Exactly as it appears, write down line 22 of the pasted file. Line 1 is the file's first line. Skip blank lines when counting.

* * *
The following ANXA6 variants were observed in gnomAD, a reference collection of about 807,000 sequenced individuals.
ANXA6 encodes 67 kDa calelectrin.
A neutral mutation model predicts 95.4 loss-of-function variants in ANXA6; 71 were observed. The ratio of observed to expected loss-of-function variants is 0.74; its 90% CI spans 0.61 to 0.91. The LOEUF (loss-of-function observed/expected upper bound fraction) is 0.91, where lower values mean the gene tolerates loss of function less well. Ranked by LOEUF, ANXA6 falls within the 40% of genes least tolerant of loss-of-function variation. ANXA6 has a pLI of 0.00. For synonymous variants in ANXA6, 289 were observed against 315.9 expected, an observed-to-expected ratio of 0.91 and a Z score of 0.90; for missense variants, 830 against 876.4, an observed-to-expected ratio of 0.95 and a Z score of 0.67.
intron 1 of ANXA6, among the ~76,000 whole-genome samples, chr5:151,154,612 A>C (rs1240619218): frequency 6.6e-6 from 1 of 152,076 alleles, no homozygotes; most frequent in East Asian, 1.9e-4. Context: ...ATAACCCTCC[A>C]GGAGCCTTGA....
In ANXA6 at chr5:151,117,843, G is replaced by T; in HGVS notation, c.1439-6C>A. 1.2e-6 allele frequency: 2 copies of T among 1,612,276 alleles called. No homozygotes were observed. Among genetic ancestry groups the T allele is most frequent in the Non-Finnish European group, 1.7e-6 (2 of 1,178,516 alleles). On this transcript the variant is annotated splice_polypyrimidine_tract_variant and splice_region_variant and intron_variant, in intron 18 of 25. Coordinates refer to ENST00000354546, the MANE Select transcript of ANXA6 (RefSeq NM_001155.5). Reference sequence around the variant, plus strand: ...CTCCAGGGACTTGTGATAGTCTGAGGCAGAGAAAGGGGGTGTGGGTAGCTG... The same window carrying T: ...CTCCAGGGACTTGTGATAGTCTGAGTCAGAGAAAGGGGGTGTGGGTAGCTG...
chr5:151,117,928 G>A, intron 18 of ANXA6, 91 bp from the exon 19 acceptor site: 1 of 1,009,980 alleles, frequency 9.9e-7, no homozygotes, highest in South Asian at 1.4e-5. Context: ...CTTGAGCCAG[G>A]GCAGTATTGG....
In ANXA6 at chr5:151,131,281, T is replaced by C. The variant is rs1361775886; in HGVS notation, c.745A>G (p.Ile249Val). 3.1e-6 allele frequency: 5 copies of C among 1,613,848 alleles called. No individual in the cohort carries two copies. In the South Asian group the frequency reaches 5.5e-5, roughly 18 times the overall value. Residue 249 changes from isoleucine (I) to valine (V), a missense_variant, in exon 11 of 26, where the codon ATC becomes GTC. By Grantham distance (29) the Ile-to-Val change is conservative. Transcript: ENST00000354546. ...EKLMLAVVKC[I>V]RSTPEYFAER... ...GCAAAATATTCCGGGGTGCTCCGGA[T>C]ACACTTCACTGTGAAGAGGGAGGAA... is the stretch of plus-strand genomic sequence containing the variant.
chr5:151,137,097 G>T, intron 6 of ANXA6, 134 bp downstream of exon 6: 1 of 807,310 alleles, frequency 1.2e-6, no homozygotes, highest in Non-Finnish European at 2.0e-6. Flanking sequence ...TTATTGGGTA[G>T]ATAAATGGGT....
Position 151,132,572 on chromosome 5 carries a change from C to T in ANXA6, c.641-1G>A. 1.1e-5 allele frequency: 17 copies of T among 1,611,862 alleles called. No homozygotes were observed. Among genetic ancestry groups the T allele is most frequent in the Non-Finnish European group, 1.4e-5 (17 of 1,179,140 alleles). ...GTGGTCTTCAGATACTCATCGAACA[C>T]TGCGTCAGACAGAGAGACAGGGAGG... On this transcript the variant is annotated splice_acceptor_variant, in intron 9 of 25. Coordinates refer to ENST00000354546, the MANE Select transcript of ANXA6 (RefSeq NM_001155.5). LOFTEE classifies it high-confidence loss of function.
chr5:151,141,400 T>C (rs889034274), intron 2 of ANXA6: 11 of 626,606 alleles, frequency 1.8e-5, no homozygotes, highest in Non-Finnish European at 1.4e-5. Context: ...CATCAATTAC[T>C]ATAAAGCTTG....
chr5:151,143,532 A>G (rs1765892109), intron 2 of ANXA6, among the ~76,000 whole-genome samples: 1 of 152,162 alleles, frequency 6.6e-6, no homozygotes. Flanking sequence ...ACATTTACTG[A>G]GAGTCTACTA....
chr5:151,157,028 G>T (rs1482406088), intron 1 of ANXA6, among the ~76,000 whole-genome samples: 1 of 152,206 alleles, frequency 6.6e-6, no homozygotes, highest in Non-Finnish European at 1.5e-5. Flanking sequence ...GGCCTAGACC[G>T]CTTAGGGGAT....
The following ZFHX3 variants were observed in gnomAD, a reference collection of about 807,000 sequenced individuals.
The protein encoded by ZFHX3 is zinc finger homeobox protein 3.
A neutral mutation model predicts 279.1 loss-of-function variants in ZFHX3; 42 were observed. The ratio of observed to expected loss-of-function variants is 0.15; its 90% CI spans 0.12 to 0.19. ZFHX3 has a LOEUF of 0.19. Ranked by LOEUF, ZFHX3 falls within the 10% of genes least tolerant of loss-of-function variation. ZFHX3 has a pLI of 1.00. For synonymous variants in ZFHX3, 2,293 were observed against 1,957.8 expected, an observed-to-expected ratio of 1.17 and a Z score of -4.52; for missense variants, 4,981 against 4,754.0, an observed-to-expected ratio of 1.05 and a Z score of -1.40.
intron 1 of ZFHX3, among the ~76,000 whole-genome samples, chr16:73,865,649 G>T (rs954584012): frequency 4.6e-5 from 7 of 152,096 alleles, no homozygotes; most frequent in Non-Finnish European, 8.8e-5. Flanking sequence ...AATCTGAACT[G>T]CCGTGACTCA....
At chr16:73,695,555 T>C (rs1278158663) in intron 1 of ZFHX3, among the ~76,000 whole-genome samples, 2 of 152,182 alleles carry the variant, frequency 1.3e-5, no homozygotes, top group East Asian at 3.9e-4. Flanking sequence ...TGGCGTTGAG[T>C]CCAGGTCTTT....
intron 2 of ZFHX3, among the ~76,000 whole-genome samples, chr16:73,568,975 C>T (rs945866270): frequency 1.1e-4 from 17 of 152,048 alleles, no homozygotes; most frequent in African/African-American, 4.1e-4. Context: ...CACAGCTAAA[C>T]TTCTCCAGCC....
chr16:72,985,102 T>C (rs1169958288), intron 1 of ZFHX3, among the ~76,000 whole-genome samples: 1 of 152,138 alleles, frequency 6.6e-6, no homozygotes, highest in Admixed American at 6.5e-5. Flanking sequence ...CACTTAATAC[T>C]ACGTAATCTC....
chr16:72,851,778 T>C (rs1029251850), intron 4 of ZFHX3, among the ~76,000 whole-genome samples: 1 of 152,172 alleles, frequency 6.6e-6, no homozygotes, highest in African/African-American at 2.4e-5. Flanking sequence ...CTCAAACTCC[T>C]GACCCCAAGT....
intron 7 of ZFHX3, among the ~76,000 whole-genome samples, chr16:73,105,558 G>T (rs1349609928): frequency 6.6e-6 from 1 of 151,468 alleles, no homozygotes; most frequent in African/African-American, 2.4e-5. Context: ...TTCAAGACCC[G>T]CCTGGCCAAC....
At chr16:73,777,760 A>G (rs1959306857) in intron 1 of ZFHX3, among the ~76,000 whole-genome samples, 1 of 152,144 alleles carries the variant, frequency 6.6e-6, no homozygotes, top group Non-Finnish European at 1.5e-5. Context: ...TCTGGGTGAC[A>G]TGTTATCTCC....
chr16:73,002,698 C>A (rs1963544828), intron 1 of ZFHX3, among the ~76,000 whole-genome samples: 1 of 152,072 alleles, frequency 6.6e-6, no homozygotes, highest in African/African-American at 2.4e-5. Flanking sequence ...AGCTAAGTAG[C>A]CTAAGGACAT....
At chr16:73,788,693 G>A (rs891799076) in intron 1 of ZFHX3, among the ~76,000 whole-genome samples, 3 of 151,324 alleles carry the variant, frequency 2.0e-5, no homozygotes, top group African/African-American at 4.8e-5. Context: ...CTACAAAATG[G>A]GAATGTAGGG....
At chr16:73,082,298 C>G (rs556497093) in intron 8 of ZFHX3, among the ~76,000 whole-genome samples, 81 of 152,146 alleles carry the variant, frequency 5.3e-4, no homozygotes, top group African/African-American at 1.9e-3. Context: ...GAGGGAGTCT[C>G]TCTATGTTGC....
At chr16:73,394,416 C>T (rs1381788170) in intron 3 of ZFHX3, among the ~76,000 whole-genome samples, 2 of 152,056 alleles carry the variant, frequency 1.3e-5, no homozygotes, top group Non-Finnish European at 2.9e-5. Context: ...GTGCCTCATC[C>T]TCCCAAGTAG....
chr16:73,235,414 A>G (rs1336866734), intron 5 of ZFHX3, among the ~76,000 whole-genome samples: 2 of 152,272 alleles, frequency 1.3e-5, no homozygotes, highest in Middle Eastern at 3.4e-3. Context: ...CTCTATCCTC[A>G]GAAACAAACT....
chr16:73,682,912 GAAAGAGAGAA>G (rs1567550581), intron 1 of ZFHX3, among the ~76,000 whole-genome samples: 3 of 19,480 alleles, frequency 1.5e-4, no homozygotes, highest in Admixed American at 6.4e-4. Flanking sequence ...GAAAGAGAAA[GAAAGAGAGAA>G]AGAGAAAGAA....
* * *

At chr16:73,777,760 A>G (rs1959306857) in intron 1 of ZFHX3, among the ~76,000 whole-genome samples, 1 of 152,144 alleles carries the variant, frequency 6.6e-6, no homozygotes, top group Non-Finnish European at 1.5e-5. Context: ...TCTGGGTGAC[A>G]TGTTATCTCC....